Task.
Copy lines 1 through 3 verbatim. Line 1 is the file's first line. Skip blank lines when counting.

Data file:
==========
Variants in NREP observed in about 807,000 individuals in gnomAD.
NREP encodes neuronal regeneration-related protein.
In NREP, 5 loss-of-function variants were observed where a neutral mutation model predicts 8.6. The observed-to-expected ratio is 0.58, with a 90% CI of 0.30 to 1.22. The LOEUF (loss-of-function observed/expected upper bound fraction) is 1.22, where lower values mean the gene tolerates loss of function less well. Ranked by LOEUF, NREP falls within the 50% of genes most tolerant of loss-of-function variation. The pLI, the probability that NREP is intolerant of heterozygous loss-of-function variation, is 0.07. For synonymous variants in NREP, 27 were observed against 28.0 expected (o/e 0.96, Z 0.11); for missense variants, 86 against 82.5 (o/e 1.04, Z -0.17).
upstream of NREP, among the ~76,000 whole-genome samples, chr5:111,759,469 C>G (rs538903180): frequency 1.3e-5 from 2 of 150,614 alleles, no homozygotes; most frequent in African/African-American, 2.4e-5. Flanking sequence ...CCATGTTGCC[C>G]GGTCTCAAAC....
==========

Variants in NREP observed in about 807,000 individuals in gnomAD.
NREP encodes neuronal regeneration-related protein.
In NREP, 5 loss-of-function variants were observed where a neutral mutation model predicts 8.6. The observed-to-expected ratio is 0.58, with a 90% CI of 0.30 to 1.22. The LOEUF (loss-of-function observed/expected upper bound fraction) is 1.22, where lower values mean the gene tolerates loss of function less well. Ranked by LOEUF, NREP falls within the 50% of genes most tolerant of loss-of-function variation. The pLI, the probability that NREP is intolerant of heterozygous loss-of-function variation, is 0.07. For synonymous variants in NREP, 27 were observed against 28.0 expected (o/e 0.96, Z 0.11); for missense variants, 86 against 82.5 (o/e 1.04, Z -0.17).